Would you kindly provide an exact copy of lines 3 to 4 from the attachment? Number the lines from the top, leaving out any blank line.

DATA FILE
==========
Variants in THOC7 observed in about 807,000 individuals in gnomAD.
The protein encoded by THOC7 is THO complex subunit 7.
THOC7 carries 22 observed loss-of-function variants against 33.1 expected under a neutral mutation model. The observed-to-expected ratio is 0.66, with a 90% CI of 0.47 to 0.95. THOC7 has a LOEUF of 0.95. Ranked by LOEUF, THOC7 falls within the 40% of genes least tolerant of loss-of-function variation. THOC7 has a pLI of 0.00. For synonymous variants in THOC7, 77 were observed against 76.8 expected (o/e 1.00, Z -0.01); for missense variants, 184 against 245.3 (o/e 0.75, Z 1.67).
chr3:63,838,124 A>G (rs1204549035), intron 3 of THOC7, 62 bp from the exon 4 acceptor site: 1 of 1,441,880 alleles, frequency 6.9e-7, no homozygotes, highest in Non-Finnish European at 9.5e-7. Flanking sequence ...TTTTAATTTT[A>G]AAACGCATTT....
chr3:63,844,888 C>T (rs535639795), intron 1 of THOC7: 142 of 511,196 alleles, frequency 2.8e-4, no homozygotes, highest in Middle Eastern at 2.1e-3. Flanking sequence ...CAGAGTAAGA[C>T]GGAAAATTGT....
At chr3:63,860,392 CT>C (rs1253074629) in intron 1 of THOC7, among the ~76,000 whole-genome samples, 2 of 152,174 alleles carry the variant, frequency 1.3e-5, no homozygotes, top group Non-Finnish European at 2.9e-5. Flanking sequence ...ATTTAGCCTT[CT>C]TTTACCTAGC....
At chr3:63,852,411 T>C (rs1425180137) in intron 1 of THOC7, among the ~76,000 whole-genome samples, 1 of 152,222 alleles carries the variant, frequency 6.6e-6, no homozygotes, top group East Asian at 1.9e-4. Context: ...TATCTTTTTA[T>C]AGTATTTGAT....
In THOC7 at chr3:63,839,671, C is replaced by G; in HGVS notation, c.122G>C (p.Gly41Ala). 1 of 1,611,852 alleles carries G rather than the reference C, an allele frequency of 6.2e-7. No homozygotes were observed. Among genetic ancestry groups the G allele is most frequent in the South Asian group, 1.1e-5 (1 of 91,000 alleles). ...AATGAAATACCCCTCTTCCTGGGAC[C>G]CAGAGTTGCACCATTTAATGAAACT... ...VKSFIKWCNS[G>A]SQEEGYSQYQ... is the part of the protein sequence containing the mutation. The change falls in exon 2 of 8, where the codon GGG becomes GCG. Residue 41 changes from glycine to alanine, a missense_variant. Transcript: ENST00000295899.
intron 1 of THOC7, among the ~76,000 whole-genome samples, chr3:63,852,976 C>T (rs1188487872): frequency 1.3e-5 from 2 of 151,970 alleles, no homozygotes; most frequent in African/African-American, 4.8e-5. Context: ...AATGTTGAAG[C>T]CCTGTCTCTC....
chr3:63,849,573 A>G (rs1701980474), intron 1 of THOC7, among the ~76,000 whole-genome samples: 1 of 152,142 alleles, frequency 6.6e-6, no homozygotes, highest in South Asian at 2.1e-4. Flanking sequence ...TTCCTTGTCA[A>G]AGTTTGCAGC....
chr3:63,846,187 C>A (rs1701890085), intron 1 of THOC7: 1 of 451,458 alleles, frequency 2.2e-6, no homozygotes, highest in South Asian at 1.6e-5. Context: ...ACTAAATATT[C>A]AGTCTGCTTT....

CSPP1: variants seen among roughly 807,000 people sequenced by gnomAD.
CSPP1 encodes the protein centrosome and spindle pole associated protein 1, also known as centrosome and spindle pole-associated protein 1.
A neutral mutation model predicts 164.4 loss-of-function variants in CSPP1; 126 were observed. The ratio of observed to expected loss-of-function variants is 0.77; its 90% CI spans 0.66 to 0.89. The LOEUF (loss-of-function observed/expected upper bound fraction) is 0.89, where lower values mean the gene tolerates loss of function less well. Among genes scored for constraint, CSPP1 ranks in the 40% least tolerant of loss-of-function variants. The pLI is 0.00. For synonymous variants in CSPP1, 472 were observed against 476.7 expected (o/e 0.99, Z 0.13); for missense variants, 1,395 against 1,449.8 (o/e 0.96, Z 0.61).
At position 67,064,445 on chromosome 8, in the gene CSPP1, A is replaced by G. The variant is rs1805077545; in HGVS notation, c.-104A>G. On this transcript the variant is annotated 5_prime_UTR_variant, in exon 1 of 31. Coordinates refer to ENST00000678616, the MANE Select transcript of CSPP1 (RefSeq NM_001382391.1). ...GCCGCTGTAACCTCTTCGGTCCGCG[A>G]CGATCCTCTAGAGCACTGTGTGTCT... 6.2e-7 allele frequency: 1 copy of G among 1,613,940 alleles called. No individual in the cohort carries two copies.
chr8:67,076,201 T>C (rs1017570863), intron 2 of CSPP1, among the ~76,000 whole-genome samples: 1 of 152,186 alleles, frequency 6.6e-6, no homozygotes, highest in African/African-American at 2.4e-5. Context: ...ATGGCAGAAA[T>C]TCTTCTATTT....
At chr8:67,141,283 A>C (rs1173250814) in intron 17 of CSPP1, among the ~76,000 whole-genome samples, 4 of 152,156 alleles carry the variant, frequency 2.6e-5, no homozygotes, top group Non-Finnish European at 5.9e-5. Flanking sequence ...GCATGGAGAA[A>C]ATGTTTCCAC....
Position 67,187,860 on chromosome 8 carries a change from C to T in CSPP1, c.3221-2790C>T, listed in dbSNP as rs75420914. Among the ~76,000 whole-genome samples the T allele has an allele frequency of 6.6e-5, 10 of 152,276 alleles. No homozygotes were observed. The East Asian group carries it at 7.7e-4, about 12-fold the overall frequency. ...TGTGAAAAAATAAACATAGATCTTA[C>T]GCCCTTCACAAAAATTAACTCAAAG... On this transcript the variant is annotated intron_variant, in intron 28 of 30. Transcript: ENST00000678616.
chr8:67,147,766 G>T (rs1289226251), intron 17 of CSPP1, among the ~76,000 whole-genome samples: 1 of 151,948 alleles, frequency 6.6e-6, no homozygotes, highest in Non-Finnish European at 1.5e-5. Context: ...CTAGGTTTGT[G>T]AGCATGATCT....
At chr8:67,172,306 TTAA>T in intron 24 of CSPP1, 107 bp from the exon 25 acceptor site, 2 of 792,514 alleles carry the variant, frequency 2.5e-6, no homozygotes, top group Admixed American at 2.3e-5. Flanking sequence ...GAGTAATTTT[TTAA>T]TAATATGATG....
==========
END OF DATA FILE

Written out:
THOC7 carries 22 observed loss-of-function variants against 33.1 expected under a neutral mutation model. The observed-to-expected ratio is 0.66, with a 90% CI of 0.47 to 0.95. THOC7 has a LOEUF of 0.95. Ranked by LOEUF, THOC7 falls within the 40% of genes least tolerant of loss-of-function variation. THOC7 has a pLI of 0.00. For synonymous variants in THOC7, 77 were observed against 76.8 expected (o/e 1.00, Z -0.01); for missense variants, 184 against 245.3 (o/e 0.75, Z 1.67).
chr3:63,838,124 A>G (rs1204549035), intron 3 of THOC7, 62 bp from the exon 4 acceptor site: 1 of 1,441,880 alleles, frequency 6.9e-7, no homozygotes, highest in Non-Finnish European at 9.5e-7. Flanking sequence ...TTTTAATTTT[A>G]AAACGCATTT....